For the last five years, Rebecca Van Cuyk has taught a high school English course in Kaukauna Wisconsin called "History of the Mystery." Now’s she under fire in the local media for corrupting young minds… all because one parent has objected to the curriculum…a parent who believes the course will turn her child into a murderer.
In a letter to the Mystery Writers of America, Ms. Van Cuyk writes:
The class, and I personally, have been under attack (via letters to the editor, radio talk shows, and inaccurate news broadcasts) for approximately a month. Why? Because as a creative writing component of the course, the students were assigned to write their own murder mysteries. One parent objected and has since advertised to the media that I specifically assigned my students to "plot a murder." He has also suggested that "thoughts are the seeds of words and deeds" and the students, as a result, will be more likely to commit murders themselves. My life has been a living hell as a result
Here’s a sample of the grief she’s been getting from 105.7 WAPL radio:
We are proud to name as this week’s Rick and Len Weenie of the Week…. Kaukauna High School teacher Rebecca Van Cuyk who this week it was revealed that she assigned her English class to plan a murder as a writing project.
For replacing reading, ‘riting and ‘rithmatic with means, motive and opportunity
For instructing kids to plan a homicide which is the worst instruction given to anyone since someone instructed Anna Nicole Smith to wash down a hand full of Secanol with quart of cheap tequila before the American Music Awards.
For encouraging high school students to think about killing someone without realizing that the 5 hours they spend each week suffering through Algebra class is probably spent doing little else.
We are proud to name Kaukauna High School Teacher Rebecca Van Cuyk who assigned students the task of planning a murder as this week’s Rick and Len….. WEENIE OF THE WEEK!!!!
The person they should be ridiculing is the parent who objects to the course but, sadly, that isn’t the case.
Ms. Van Cuyk, in her letter to the MWA, is asking mystery writers for their support in her battle to keep her course from being axed over this ridiculous controversy.
The one parent who has a problem with the assignment (even though his daughter was offered an alternative assignment) is pursuing his agenda of having the Murder Mystery writing component ELIMINATED entirely from our curriculum. He will be presenting his "case" to our Curriculum and Instruction Committee and then the school board. This is where I would like to ask for your help.
As mystery writers, surely you understand that writing a mystery in which
a murder takes place will not make you a murderer. (If it did, I guess you would all be in prison as opposed to free citizens who belong to this organization.)
This seems to have become an issue of "morality," as if by writing about murder, the author is somehow glorifying or condoning the act, or again, be tempted to "try it" himself. I am concerned that the school board will agree to eliminate the assignment based on this erroneous "morality argument."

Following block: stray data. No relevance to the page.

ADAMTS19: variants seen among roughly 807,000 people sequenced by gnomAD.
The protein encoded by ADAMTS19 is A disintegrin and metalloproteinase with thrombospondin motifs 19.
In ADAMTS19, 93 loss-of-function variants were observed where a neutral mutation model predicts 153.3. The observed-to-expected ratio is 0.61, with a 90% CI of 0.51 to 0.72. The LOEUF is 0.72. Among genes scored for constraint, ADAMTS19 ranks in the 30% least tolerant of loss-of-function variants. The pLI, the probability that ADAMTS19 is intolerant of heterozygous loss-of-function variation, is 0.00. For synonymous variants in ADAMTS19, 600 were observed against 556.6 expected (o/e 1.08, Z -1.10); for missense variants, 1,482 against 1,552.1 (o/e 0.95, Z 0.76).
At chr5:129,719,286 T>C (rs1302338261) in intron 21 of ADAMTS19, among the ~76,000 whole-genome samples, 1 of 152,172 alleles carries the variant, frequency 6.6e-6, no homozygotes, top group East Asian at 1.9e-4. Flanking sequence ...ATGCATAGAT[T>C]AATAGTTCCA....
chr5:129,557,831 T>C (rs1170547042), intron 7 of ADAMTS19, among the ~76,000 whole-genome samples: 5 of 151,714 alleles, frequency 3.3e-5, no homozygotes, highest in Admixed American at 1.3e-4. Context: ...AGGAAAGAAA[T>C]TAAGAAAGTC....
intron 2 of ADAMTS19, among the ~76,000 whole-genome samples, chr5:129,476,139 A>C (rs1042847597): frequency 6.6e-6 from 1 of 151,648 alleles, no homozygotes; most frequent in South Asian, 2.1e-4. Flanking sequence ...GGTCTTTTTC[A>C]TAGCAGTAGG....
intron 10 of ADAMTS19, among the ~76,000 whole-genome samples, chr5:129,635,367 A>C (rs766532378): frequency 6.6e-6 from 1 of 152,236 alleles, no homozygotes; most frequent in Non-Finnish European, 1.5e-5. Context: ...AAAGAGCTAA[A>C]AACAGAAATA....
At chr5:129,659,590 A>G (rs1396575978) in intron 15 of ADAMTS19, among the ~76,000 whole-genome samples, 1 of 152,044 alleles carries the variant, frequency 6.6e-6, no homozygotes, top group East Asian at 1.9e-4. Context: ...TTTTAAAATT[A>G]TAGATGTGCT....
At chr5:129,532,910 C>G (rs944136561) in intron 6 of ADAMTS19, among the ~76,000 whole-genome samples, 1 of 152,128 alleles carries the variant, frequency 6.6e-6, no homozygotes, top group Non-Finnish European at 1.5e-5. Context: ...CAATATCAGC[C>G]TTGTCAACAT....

I am writing to ask if any of you, several of you, or even all of you, would consider writing a letter to our Curriculum and Instruction Committee and school board, addressing any of the following:
1. The "morality" issue
2. The fallacy that writing a murder mystery will create a murderer
3. The literary merit of constructing a well-thought out mystery
4. The skills that can be strengthened by writing a mystery
5. The purpose behind writing a mystery and/or the end result of the
mystery story (to restore order, see good triumph over evil, etc.)
6. Anything you see as relating to the importance/relevance of this
assignment, in specific
It has been suggested by our administrators that we change the assignment
to just be "any kind of mystery." (e.g. the kids can write about surprise birthday parties or searching for the holy grail) While I know that mysteries can effectively be written about anything if the author is skilled enough, that is not the point.
We study mystery authors all semester who write, specifically, about the solving of murders: Edgar Allan Poe, Sir Arthur Conan Doyle, Agatha Christie, as well as several other lesser known authors. When the murder mystery assignment was created, its goal in part was to "test" the kids on what they had learned about the construction of a murder mystery, in specific.
As one of the teachers of this course, I do not see a benefit in changing the language in our curriculum to assign the students "any kind of mystery." (Please note: as an educator, I do not force students to do things with which they have personal issues. We have always offered an alternate assignment on a case-by-case basis and will continue to do so.) The big deal here is that ONE parent wants to force us to change our curriculum. One parent, of the over 500 students who have taken this course in the last five years.
If you are inclined to help us retain the integrity (and EXISTENCE) of the murder mystery writing assignment, and willing to write a letter on behalf of the course and the assignment itself, I would appreciate it if you would address it to:
Kaukauna School District
Curriculum and Instruction Committee
112 Main Ave
Kaukauna, WI 54130
Kaukauna School District
112 Main Ave
Kaukauna, WI 54130
Thank you in advance for any help you would be willing to offer. If you have questions, or merely wish to contact me, please feel free to do so at: email@example.com.
Rebecca Van Cuyk
Kaukauna High School
If you are as outraged as I am, I hope you will consider writing a letter in support of this teacher and her program.